Birds carry a number of zoonotic diseases, or diseases that can transfer from the bird to humans. Transmission commonly occurs when the human either inhales or ingests infected dropping particles. People with poorly functioning immune systems, the elderly and young children must practice extreme caution around bird droppings. Maintaining a clean, sterile cage daily is the best preventative method that a pet owner can employ.
Salmonella bacteria live and thrive in the digestive tracts of many pet birds. The bacteria is easily shed in the bird's fecal matter. It is also less commonly shed in the bird's nasal secretions, ocular secretions and even the feather dust. Humans can easily inhale the bacteria when cleaning the bird's cage, changing its water, feeding it or handling it. In humans, the bacteria will cause a high fever, vomiting, cramping and diarrhea. Salmonella is considered to be a serious infection that is often life-threatening. A few humans who contract salmonella will become carriers of the disease without ever exhibiting any symptoms, according to the Centers for Disease Control.
Chlamydophila psittaci bacterium is known to infect 465 avian species. From the years of 1988 through 2003 there were 935 human cases of the disease contracted from birds, according to the Centers for Disease Control. The disease is spread from the bird to humans by bodily fluids such as eye and nose discharge or droppings. Humans inhale or ingest the bacteria. Tetracycline is used to treat the infection in humans. The symptoms of the disease start out as flu-like in appearance but can quickly progress to an acute respiratory condition that resembles pneumonia.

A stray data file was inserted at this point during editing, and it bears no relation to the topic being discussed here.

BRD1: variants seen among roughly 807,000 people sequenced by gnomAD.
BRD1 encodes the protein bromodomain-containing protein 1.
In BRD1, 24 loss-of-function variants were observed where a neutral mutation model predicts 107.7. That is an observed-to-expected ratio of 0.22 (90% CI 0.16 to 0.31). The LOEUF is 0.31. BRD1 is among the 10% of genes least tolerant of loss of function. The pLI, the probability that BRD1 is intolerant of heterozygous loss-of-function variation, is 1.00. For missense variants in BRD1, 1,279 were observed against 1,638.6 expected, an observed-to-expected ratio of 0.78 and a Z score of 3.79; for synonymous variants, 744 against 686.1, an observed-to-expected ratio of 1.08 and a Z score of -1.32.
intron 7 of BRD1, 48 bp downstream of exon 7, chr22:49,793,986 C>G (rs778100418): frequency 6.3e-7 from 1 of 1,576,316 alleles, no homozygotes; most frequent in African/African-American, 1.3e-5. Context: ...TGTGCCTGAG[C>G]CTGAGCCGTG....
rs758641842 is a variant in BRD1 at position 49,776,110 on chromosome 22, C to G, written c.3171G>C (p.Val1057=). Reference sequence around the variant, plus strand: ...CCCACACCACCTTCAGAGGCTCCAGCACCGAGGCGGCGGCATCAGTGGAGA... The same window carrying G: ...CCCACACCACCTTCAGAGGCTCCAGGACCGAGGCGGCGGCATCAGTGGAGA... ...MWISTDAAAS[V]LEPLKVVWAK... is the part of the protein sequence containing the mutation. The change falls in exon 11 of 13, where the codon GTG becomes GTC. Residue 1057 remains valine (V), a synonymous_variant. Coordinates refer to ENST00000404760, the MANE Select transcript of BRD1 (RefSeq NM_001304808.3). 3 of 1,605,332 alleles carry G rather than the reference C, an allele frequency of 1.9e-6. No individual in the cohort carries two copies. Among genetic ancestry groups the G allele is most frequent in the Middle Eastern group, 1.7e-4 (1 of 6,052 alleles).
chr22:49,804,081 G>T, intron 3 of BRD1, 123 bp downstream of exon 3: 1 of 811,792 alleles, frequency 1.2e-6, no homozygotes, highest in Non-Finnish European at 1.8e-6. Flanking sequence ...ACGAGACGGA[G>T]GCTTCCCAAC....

Mycobacterium avium causes avian tuberculosis. The disease is spread from the fecal matter of infected birds. Humans inhale or ingest particles that contain the disease while cleaning or handling the birds or their cages. The condition is normally treatable with antibiotics but can be life-threatening in the very young, old or those with suppressed immune systems. One variation of the disease, M. avium, is resistant to antibiotics and very difficult to treat, according to the University of Florida. When a human is infected with the antibiotic-resistant strain, the only way to stop the infection is removal of the infected lymph nodes and tissue through surgery. The disease manifests with flu-like symptoms and is followed by a severe respiratory condition.
Histoplasmosis capsulatum occurs when soil becomes infected with bird droppings. In tropical and sub-tropical regions, many pet bird owners house their parrots or other bird species outside in aviaries during nice weather. The disease only occurs when the birds' droppings remain in the soil and the human or animal inhales the particles. The disease appears with flu-like symptoms which quickly become acutely pulmonary. The infected individual often exhibits symptoms that are similar to tuberculosis. Left untreated, the disease can often prove fatal to infected humans. Amphotericin B is the treatment of choice.